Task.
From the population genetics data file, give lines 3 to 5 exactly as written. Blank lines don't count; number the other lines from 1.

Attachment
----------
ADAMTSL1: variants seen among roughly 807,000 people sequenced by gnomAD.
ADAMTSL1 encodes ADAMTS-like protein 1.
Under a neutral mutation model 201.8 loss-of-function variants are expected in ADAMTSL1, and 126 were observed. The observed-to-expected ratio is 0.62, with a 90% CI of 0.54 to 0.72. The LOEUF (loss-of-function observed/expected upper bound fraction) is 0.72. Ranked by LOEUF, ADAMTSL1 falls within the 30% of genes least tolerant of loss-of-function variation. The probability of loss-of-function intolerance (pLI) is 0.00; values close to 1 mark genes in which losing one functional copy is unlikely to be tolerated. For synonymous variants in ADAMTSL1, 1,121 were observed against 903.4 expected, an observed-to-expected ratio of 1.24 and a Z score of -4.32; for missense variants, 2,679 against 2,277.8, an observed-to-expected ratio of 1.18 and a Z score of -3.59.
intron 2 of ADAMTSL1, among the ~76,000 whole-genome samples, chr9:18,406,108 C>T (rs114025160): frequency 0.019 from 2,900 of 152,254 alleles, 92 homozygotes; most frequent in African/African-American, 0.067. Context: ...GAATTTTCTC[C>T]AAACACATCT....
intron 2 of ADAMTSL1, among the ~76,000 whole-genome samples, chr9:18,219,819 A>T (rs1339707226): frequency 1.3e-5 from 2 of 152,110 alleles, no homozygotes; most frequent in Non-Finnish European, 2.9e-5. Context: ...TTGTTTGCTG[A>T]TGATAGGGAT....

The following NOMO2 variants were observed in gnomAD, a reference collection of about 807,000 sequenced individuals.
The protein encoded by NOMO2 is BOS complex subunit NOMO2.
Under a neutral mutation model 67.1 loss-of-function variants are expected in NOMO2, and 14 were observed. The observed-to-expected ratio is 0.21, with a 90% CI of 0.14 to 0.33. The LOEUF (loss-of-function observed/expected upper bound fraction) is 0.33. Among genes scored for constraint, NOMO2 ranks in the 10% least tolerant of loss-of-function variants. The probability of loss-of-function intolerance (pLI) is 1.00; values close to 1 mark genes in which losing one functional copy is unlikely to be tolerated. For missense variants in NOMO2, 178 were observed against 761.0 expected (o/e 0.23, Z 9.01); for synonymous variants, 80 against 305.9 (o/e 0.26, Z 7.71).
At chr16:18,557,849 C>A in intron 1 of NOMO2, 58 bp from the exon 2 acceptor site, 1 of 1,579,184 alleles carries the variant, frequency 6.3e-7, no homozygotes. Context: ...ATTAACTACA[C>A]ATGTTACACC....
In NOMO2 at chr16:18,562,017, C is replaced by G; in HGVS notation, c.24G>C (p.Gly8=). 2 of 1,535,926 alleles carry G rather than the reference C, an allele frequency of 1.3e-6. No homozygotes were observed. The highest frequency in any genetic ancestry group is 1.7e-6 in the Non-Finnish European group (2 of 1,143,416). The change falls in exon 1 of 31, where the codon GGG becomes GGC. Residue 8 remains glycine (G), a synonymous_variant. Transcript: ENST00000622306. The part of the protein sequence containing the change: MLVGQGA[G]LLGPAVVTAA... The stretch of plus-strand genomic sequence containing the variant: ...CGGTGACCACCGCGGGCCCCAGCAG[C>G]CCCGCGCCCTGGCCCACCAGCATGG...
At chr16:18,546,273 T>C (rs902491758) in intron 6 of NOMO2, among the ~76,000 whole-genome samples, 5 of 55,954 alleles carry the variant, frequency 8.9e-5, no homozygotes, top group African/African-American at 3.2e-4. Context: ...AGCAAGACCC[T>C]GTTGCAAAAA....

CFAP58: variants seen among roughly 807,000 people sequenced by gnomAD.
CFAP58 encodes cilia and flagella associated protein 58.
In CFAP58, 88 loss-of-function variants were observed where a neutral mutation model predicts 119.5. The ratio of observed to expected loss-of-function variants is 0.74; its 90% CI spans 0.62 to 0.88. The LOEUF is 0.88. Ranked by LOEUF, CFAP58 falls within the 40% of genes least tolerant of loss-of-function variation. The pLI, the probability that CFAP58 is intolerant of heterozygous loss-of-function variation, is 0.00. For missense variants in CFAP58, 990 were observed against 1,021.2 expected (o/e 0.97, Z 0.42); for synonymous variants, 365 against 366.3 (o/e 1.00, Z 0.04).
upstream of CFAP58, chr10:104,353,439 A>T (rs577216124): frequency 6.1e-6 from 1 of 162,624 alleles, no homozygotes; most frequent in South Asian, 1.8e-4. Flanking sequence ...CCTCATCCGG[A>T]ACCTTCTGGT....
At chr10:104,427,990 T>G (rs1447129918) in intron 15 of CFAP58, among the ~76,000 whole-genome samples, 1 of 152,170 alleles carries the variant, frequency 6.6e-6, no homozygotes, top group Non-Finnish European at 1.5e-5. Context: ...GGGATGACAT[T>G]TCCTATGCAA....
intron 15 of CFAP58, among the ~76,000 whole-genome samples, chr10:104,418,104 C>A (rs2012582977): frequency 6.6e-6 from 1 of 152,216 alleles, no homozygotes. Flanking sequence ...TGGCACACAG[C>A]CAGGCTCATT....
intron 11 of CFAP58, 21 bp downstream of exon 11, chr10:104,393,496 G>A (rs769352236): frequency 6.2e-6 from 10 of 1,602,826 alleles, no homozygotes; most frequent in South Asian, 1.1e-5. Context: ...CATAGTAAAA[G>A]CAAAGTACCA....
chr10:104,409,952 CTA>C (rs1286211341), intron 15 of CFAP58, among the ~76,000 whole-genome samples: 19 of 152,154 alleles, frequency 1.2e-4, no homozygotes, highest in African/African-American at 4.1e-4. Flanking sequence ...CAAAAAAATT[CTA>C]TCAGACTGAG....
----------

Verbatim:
Under a neutral mutation model 201.8 loss-of-function variants are expected in ADAMTSL1, and 126 were observed. The observed-to-expected ratio is 0.62, with a 90% CI of 0.54 to 0.72. The LOEUF (loss-of-function observed/expected upper bound fraction) is 0.72. Ranked by LOEUF, ADAMTSL1 falls within the 30% of genes least tolerant of loss-of-function variation. The probability of loss-of-function intolerance (pLI) is 0.00; values close to 1 mark genes in which losing one functional copy is unlikely to be tolerated. For synonymous variants in ADAMTSL1, 1,121 were observed against 903.4 expected, an observed-to-expected ratio of 1.24 and a Z score of -4.32; for missense variants, 2,679 against 2,277.8, an observed-to-expected ratio of 1.18 and a Z score of -3.59.
intron 2 of ADAMTSL1, among the ~76,000 whole-genome samples, chr9:18,406,108 C>T (rs114025160): frequency 0.019 from 2,900 of 152,254 alleles, 92 homozygotes; most frequent in African/African-American, 0.067. Context: ...GAATTTTCTC[C>T]AAACACATCT....
intron 2 of ADAMTSL1, among the ~76,000 whole-genome samples, chr9:18,219,819 A>T (rs1339707226): frequency 1.3e-5 from 2 of 152,110 alleles, no homozygotes; most frequent in Non-Finnish European, 2.9e-5. Context: ...TTGTTTGCTG[A>T]TGATAGGGAT....